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About the State Park
Atlanta State Park is on the south shore of 20,300-acre Wright Patman Lake. Activities include: bicycling, boating, canoeing (rentals available), camping, fishing, hiking, geocaching, picnicking, bicycling, swimming (no lifeguard), birding, and nature study. There are 4.8 miles of hiking trails, including a .8-mile nature trail.
The 1,475-acre park features a dense pine and oak forest, attracting a variety of woodland birds including brown-headed nuthatches and pine warblers. Fall foliage displays can be impressive, as can the dogwoods blooming in spring. [Read more…]
About the State Park
Abilene State Park is a 529-acre park located on the eastern shore of Lake Abilene in Tuscola, Texas in Taylor County. Activities include: bicycling, boating, camping, fishing, hiking, geocaching, nature study, picnicking, swimming, and wildlife observation. The park’s swimming pool is open during the summer months.
White-tail deer are the most abundant large game species in North America. The whitetail population is largest in Texas, where an estimated three to four million of the deer reside. Their characteristic tails are held erect when fleeing to display the white underside; the rest of their body is reddish-brown in summer and grayish-brown in winter. Fawns less than six months of age have bright white spots scattered on their coats. Adult bucks can attain lengths of over six feet and weight up to three hundred pounds; adult does tend to be smaller. [Read more…]
Many birders travel to Texas to glimpse the black-bellied whistling duck, a year-round resident of the lower Texas Gulf Coast and other portions of the state. The whistling duck is also found in Mexico, Central and South America and occasionally in Arizona, California and Louisiana, as well.
Known for its high-pitched whistling call, the whistling duck’s long legs and neck are reminiscent of a goose. Males and females are identical in appearance, body rust-brown with a black belly and tail. The face is gray, with a white ring around the eye, and a bright red bill and legs. In flight, the bird’s white wing-patch is visible as a stripe. [Read more…]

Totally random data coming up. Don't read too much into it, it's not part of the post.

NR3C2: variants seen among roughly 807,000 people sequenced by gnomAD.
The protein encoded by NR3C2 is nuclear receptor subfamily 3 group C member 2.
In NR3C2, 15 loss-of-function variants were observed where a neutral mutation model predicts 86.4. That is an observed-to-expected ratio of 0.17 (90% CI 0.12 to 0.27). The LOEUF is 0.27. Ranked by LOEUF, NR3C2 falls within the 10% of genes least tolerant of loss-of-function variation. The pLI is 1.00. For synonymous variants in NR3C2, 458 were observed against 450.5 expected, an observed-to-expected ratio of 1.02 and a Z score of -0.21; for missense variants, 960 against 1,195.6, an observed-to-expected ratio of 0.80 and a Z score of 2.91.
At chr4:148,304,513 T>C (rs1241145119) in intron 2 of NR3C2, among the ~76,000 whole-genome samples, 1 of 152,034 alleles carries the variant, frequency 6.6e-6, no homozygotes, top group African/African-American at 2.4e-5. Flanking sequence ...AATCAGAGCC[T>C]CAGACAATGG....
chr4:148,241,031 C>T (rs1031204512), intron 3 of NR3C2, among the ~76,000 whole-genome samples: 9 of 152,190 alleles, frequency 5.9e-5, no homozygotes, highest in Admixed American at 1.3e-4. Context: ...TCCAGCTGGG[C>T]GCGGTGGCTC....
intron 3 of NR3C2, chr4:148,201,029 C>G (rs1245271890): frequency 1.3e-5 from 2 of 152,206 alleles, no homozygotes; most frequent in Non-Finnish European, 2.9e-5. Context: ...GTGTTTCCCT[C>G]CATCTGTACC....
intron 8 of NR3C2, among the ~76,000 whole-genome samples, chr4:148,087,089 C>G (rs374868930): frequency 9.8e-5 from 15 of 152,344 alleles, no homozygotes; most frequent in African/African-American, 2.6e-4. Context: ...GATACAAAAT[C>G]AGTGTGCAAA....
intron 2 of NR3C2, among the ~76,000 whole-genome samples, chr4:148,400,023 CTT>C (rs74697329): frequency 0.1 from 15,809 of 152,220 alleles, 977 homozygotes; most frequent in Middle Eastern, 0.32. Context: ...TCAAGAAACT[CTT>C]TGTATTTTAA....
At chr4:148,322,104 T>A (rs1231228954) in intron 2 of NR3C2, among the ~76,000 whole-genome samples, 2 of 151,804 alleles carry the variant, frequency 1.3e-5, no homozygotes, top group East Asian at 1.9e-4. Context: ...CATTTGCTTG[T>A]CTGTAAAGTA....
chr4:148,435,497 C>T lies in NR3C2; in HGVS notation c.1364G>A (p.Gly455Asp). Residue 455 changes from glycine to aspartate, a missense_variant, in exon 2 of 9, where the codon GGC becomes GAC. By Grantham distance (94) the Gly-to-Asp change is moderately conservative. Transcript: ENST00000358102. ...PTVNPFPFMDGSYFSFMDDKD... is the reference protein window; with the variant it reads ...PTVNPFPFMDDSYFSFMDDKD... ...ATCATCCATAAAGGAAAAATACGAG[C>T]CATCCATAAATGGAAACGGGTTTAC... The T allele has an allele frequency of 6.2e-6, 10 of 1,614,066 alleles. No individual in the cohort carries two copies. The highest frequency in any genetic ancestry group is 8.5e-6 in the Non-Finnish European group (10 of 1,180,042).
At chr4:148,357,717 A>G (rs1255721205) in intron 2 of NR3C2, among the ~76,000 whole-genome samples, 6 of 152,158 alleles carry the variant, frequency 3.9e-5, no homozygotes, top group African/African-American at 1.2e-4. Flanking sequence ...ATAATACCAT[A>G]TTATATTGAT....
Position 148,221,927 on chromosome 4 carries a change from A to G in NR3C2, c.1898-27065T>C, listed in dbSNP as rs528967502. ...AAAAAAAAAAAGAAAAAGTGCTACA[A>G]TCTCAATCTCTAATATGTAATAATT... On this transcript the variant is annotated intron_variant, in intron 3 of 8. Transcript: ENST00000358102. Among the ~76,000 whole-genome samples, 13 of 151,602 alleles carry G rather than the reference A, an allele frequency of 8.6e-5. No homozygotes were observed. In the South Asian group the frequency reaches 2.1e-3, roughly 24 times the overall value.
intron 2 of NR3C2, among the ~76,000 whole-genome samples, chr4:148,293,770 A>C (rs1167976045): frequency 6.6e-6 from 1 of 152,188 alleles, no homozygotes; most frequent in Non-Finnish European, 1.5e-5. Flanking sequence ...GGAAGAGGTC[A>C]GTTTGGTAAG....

Also known as the “prairie wolf,” the coyote is Texas’ most frequently viewed large carnivore. Characterized by a dog-like body and a long, bushy tail, the coyote weighs an average of just thirty pounds. Their thick coat is grayish in color, with reddish tinges to the legs and ears, and a lighter-colored belly and nape. Coyotes have yellow eyes which reflect as greenish-gold at night. Extremely vocal animals, the coyote’s mournful howls and yapping barks often fill the night with haunting songs.
Coyotes are extremely intelligent, curious, and adaptable creatures, inhabiting diverse habitats throughout Asia, Europe, and western North America, including Texas. In contrast to the now rare timber or gray wolf (Canis occidentalis), coyotes prefer open terrain. Classified as opportunistic carnivores, coyotes readily eat fish, rabbits, rodents, deer, and carrion, as well as birds, plants, insects, and even small domestic animals. Coyotes are extremely wary of humans, although they can become habituated to people if fed. Like the raccoon, coyotes are clever and determined scavengers; they have been known to haul full ice chests away from unsuspecting campers under the cover of darkness.
Coyote life is extremely precarious; less than one half of all juvenile coyotes live to reach adulthood. Those that do manage to survive have a life expectancy of ten to fifteen years.
One Texas location in which to view coyotes is Padre Island National Seashore near Corpus Christi. Pay specific attention to the grassy roadsides, sand dunes, and sheltered freshwater ponds. Coyotes are most active at night and in the early morning.